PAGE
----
- Partner Communities: For example, think of companies or products that are complementary to yours or organizations you’ve co-sponsored events with. Do they have existing communities? If so, don’t be afraid to tap into them as long (as you’re not stepping on any toes). Join their groups, attend their events, ask your contacts for intros, etc.
Riffle: Discover deep audience info
Building a community from scratch often means a lot of one-on-one customer interactions. While that may seem time-consuming, making the effort here is going to come back to you in big ways. Consider the “brand ambassador effect”—your earliest fans are more likely to become your first evangelists, espousing not only your product’s quality, but the quality of your community and of your customer service, as well.
Reaching out quickly, in a friendly and supportive manner, in response to questions and comments can be a powerful way of increasing brand awareness.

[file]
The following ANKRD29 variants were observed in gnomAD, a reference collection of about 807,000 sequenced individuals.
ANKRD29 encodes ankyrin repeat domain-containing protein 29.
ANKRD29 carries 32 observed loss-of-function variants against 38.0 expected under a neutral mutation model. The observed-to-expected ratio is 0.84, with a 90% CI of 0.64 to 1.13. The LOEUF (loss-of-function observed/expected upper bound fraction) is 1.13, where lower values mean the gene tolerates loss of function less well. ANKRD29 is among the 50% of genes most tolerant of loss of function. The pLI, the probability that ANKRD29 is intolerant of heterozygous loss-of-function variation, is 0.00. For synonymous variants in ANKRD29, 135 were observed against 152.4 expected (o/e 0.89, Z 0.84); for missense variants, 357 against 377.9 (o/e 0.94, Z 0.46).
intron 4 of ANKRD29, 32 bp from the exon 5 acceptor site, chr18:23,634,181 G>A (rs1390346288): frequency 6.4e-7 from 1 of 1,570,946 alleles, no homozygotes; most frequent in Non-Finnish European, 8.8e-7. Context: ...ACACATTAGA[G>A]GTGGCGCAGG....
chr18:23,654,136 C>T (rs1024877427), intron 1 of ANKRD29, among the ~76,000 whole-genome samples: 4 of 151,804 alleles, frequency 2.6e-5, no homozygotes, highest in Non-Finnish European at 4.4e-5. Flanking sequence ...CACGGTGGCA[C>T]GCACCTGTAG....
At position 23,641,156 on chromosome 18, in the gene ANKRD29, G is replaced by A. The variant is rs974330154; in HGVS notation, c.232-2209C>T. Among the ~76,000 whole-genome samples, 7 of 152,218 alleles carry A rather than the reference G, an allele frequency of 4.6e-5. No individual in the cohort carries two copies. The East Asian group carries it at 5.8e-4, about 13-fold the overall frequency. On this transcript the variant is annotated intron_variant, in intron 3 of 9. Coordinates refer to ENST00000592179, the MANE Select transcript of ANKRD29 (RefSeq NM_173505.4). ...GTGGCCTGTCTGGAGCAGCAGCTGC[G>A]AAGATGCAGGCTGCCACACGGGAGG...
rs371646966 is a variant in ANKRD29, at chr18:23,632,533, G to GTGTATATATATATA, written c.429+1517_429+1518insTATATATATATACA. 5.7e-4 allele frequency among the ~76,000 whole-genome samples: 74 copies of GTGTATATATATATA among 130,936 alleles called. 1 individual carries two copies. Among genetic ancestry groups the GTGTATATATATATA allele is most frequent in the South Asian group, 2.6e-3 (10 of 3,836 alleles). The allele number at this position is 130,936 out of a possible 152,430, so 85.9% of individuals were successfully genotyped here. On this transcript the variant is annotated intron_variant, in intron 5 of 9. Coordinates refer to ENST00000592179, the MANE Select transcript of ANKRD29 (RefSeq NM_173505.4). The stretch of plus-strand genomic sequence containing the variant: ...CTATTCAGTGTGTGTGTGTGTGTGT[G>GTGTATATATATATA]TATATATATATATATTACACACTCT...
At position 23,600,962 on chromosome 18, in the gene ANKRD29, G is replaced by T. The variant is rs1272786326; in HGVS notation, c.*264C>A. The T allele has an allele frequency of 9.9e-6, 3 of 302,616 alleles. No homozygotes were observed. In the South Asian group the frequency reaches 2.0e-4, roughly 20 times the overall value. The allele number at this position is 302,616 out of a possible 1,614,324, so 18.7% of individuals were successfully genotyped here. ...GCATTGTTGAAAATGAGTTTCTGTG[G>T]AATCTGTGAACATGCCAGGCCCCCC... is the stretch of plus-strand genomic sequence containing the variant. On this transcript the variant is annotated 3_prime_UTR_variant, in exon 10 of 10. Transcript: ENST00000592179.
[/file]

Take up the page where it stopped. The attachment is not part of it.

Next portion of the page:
You can make one-on-one interactions like these even better by learning meaningful information regarding a person’s tastes, what communities they’re a part of, and how they use social media. This is where Riffle by CrowdRiff comes in. It’s a Chrome extension that provides detailed Twitter analytics and integrates directly with services like mention, Hootsuite, TweetDeck, Salesforce, and Zendesk.
Riffle slides out as an easy-to-read and -navigate data center full of only the most relevant details all in one place—things like Klout score, top hashtags, mentions, and URLs used and shared, as well as an activity breakdown between things like retweets and favorites.